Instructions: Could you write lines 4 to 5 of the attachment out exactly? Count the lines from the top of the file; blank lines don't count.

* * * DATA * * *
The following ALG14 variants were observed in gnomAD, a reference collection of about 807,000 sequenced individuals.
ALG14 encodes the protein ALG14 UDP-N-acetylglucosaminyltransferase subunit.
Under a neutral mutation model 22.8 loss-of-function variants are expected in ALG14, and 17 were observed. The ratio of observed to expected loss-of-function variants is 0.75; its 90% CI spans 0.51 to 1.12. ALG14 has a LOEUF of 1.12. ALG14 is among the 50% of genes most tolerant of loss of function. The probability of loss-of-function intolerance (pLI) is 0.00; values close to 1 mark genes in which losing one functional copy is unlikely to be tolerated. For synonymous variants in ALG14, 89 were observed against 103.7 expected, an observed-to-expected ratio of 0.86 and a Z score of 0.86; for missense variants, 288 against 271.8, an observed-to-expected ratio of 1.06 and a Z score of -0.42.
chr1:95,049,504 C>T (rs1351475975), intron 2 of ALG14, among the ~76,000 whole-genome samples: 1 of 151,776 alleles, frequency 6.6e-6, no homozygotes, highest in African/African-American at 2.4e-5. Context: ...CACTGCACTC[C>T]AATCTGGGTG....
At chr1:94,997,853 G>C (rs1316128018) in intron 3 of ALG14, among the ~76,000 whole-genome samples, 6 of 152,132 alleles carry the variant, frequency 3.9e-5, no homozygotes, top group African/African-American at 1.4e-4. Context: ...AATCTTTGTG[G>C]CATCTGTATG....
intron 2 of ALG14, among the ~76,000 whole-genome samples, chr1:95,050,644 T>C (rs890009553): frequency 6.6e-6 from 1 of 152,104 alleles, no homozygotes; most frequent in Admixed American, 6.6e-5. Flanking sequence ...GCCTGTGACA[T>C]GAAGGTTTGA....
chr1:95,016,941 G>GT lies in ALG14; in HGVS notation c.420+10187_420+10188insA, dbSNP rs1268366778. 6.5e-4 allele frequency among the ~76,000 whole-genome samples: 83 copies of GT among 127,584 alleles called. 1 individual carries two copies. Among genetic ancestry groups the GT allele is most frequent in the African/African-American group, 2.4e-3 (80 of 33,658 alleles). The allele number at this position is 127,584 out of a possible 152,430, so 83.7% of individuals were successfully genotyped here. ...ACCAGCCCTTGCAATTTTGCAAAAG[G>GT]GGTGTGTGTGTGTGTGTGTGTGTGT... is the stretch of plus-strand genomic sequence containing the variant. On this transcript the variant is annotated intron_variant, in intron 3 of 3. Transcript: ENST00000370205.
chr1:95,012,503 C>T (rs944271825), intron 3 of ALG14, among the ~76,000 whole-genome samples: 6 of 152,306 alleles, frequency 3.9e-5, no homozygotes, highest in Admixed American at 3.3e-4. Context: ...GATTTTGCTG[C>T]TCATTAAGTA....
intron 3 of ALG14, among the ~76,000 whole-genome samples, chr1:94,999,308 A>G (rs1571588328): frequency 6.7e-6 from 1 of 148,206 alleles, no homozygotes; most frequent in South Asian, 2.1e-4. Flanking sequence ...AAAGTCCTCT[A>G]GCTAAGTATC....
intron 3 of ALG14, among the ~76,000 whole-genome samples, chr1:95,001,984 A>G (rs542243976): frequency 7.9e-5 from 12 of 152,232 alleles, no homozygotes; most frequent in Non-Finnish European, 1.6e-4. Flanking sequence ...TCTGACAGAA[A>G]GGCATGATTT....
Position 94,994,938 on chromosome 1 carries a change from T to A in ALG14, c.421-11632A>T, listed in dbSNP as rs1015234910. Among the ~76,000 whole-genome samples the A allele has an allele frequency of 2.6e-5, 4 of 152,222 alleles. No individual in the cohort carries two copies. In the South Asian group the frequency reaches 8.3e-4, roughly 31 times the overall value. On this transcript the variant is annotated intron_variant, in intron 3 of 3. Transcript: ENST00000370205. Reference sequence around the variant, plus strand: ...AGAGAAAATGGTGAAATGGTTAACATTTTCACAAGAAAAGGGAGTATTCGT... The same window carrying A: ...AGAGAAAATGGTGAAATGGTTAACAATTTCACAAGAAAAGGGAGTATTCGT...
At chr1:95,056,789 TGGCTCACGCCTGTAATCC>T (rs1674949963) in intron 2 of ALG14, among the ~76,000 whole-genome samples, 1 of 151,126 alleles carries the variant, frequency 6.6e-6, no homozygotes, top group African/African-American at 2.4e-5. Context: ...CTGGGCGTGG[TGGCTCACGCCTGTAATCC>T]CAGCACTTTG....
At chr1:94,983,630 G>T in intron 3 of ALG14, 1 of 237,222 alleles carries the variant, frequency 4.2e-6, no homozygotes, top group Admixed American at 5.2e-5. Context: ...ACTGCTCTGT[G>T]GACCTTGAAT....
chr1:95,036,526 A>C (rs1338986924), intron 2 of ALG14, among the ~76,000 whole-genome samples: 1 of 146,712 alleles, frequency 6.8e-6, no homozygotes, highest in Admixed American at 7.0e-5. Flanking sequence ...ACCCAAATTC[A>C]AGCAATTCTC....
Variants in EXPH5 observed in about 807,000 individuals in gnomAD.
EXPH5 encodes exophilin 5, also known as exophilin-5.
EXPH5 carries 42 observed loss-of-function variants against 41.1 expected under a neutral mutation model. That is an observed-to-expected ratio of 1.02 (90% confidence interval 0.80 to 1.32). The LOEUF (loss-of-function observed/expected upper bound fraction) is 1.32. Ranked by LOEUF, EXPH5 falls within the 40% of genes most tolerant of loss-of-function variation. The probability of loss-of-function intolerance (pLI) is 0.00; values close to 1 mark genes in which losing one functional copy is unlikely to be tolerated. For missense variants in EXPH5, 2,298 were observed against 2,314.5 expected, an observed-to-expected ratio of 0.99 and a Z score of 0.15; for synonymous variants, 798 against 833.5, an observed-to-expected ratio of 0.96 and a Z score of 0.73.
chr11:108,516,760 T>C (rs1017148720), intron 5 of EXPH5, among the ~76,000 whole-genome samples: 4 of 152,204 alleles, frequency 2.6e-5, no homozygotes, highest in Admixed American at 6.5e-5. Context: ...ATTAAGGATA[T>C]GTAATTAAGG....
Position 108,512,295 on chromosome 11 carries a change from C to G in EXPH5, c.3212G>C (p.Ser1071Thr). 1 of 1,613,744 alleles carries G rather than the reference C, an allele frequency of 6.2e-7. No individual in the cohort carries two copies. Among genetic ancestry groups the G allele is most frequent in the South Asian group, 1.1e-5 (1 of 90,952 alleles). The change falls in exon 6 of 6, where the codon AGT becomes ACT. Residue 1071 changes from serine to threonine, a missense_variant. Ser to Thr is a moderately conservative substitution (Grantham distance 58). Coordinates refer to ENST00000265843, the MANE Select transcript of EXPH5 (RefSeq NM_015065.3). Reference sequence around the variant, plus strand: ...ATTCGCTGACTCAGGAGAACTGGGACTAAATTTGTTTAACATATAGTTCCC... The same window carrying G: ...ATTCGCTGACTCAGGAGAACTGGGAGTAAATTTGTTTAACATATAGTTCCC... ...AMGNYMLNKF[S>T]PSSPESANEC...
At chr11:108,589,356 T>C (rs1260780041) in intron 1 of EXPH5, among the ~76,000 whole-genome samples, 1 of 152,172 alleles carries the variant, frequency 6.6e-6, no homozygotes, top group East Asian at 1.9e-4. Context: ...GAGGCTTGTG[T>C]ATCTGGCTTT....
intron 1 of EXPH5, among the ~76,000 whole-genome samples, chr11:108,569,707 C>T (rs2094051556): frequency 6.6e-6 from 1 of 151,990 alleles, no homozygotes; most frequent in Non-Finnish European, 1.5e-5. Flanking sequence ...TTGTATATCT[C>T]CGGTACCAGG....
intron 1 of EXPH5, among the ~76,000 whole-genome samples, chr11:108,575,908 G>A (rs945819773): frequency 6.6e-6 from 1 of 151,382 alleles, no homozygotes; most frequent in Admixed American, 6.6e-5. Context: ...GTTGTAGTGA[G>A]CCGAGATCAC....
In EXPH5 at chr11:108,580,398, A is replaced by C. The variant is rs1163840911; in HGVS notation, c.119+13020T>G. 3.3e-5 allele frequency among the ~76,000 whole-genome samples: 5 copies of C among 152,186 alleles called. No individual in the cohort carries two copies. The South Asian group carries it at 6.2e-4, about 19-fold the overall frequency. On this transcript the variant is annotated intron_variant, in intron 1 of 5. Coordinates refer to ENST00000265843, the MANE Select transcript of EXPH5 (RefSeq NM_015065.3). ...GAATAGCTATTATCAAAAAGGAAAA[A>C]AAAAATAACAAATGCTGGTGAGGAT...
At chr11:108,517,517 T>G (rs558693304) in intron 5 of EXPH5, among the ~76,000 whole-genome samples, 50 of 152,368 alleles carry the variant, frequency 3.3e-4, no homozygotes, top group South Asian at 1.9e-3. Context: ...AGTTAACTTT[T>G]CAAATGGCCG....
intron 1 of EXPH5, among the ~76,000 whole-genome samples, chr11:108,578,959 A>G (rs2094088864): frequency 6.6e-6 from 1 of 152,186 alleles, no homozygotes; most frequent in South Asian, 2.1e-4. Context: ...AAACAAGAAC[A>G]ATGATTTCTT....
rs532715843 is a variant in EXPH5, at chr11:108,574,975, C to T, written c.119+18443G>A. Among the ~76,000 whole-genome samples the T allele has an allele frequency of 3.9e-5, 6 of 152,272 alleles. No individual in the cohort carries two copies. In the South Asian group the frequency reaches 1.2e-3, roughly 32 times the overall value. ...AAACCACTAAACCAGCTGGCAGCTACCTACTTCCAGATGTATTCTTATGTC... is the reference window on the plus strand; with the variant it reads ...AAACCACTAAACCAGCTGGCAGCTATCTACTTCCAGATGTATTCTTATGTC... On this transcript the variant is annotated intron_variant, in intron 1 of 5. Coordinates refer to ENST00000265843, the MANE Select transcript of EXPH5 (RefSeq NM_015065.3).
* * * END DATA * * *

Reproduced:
chr1:95,049,504 C>T (rs1351475975), intron 2 of ALG14, among the ~76,000 whole-genome samples: 1 of 151,776 alleles, frequency 6.6e-6, no homozygotes, highest in African/African-American at 2.4e-5. Context: ...CACTGCACTC[C>T]AATCTGGGTG....
At chr1:94,997,853 G>C (rs1316128018) in intron 3 of ALG14, among the ~76,000 whole-genome samples, 6 of 152,132 alleles carry the variant, frequency 3.9e-5, no homozygotes, top group African/African-American at 1.4e-4. Context: ...AATCTTTGTG[G>C]CATCTGTATG....